"We are encouraged by campaigns in countries such Sweden, the US and France, which are increasing public awareness of cereals," said Elisabeth Chanliaud, head of food R&D at Limagrain.
"And in labs, we now have powerful tools to follow molecules, which make it easier to identify the desirable genes."
The French co-operative group, which has an annual R&D budget of some 102m out of a turnover of over 1 bn, therefore believes that with the current emphasis on healthy dietary practices, this is an area of research that deserves further attention.
"The potential of cereals has not been realised,"said Chanliaud. "Each cereal has its own specificity maize for example is a source of antioxidants, while other cereals are sources of carotenoids and vitamin E."
In order to improve the nutritional profile of crops, Limagrain is naturally breeding plants of the same variety that have specific characteristics. More recently these characteristics have focused on issues such as flavour, taste, and of course, nutrition.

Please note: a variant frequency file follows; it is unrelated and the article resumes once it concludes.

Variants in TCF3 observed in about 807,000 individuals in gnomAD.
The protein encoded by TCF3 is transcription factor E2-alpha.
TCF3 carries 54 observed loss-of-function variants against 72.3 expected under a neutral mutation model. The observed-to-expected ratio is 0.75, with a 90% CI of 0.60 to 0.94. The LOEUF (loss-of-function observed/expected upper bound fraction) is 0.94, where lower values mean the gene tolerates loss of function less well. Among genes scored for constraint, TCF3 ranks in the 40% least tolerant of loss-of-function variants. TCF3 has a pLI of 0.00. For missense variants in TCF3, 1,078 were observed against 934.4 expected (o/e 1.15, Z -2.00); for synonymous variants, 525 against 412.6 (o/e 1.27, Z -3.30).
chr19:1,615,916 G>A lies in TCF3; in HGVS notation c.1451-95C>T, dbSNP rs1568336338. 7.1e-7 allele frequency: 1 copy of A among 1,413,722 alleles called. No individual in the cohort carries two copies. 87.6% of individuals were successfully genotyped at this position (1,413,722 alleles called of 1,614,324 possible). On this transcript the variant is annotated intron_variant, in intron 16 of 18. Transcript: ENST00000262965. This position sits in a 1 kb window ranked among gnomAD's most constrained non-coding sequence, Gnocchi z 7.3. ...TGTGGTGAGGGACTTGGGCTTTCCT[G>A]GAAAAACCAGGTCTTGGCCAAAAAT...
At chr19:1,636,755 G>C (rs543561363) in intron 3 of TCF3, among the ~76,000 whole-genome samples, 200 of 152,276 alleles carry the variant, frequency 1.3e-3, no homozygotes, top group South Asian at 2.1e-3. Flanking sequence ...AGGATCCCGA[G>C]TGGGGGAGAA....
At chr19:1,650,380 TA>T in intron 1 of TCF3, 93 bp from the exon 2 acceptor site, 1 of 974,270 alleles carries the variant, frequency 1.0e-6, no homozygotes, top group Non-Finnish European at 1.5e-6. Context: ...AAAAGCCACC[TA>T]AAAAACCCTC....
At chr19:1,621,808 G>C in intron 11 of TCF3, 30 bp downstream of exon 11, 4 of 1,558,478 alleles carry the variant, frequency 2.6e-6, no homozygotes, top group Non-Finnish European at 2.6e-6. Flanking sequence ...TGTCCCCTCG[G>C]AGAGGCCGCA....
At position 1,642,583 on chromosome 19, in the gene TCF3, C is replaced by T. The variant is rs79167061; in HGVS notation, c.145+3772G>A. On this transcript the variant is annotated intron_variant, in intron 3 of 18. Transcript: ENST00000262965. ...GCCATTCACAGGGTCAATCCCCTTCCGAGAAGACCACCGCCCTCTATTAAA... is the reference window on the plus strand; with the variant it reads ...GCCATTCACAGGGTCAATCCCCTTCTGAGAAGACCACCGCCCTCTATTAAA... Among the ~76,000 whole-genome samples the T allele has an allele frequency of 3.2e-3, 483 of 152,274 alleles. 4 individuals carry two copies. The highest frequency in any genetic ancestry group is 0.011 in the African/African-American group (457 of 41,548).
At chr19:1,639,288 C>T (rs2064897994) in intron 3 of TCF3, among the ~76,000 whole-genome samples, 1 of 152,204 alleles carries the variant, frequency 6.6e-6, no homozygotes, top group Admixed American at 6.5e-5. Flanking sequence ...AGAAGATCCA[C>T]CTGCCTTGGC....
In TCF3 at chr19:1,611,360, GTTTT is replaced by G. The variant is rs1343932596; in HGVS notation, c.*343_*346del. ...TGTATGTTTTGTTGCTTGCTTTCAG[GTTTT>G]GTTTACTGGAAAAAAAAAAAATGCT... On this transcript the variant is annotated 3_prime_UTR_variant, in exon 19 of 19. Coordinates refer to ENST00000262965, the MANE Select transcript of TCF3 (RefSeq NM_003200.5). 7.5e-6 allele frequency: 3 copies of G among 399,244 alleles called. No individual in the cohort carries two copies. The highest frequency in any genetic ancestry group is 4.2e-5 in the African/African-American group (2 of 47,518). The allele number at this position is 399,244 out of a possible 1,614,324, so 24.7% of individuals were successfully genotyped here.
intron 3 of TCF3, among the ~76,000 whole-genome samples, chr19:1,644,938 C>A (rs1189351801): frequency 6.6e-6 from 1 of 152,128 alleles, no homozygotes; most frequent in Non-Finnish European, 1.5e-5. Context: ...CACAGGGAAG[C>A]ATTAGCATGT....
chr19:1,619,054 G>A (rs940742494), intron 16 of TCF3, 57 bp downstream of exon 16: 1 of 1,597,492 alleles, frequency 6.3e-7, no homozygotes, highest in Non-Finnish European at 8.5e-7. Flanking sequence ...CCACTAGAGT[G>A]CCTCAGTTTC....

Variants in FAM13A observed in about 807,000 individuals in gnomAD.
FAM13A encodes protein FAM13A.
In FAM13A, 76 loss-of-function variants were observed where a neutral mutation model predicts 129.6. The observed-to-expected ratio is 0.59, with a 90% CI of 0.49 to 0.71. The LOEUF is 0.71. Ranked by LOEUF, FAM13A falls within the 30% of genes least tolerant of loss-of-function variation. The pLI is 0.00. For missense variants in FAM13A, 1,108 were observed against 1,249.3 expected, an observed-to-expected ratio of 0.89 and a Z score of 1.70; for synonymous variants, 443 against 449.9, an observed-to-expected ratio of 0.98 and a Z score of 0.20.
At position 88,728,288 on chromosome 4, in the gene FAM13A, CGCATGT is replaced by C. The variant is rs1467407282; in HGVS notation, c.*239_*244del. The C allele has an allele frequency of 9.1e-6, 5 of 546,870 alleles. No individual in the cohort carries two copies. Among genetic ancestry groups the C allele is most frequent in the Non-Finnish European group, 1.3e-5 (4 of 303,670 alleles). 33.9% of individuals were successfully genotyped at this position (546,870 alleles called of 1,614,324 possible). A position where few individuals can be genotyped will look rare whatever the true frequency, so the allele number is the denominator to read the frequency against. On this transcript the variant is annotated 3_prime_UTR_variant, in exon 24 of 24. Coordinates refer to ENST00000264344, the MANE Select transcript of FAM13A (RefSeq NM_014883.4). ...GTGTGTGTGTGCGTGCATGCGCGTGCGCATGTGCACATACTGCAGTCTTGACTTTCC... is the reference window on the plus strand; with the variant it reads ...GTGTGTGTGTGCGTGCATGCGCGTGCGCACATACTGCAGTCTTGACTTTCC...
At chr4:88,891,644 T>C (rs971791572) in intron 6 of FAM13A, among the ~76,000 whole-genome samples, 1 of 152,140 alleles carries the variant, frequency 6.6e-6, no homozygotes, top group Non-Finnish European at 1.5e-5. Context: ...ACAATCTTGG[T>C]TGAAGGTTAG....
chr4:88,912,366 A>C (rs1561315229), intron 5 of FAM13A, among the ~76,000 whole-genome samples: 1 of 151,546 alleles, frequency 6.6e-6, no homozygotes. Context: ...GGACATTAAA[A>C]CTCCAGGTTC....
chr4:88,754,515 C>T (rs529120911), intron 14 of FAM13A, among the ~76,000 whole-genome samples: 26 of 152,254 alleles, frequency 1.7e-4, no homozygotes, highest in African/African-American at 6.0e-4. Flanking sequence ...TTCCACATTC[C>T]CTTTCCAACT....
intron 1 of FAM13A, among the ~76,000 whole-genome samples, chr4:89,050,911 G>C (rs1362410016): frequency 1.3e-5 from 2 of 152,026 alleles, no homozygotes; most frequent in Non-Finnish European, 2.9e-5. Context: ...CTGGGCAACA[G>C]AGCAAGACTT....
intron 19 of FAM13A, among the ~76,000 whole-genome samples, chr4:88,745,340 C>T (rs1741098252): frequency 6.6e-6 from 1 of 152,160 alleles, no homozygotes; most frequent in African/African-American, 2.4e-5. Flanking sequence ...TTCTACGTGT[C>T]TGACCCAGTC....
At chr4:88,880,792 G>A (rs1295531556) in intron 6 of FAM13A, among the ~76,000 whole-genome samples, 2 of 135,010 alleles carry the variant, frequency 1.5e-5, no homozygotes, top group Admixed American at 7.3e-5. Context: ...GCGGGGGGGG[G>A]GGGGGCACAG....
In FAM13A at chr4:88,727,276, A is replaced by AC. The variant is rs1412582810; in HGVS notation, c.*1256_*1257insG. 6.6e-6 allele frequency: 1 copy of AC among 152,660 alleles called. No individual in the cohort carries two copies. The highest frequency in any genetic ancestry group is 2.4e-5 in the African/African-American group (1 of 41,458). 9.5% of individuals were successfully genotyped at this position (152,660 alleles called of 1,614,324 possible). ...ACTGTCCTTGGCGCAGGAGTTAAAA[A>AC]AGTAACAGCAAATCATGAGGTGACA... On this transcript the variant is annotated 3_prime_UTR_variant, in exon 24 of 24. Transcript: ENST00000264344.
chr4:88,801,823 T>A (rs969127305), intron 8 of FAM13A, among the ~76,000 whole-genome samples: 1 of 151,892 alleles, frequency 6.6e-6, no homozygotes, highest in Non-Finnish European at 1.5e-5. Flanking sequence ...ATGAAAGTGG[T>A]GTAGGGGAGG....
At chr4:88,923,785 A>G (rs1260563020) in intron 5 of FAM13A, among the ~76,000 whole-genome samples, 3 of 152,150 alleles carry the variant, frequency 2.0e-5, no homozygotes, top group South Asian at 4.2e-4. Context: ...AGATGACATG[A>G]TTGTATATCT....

"It usually takes ten generations to develop a new variety, but we can speed this process up through initiating two harvests and accelerating generation in glass houses. With starch for example, you can play around with the amylose content, which affects the glycaemic index of a product."
The possibilities are huge. Chanliaud says that a company just needs to identify the characteristic they wish to emphasise.
There are difficulties of course.
"There are a number of difficulties involved in plant breeding. One problem is that the micronutrients might not be evenly distributed in the grain, and the process can be very complex.
"By my conclusion is that there are strong opportunities in traditional breeding. You just need to ensure that these benefits get to the consumer."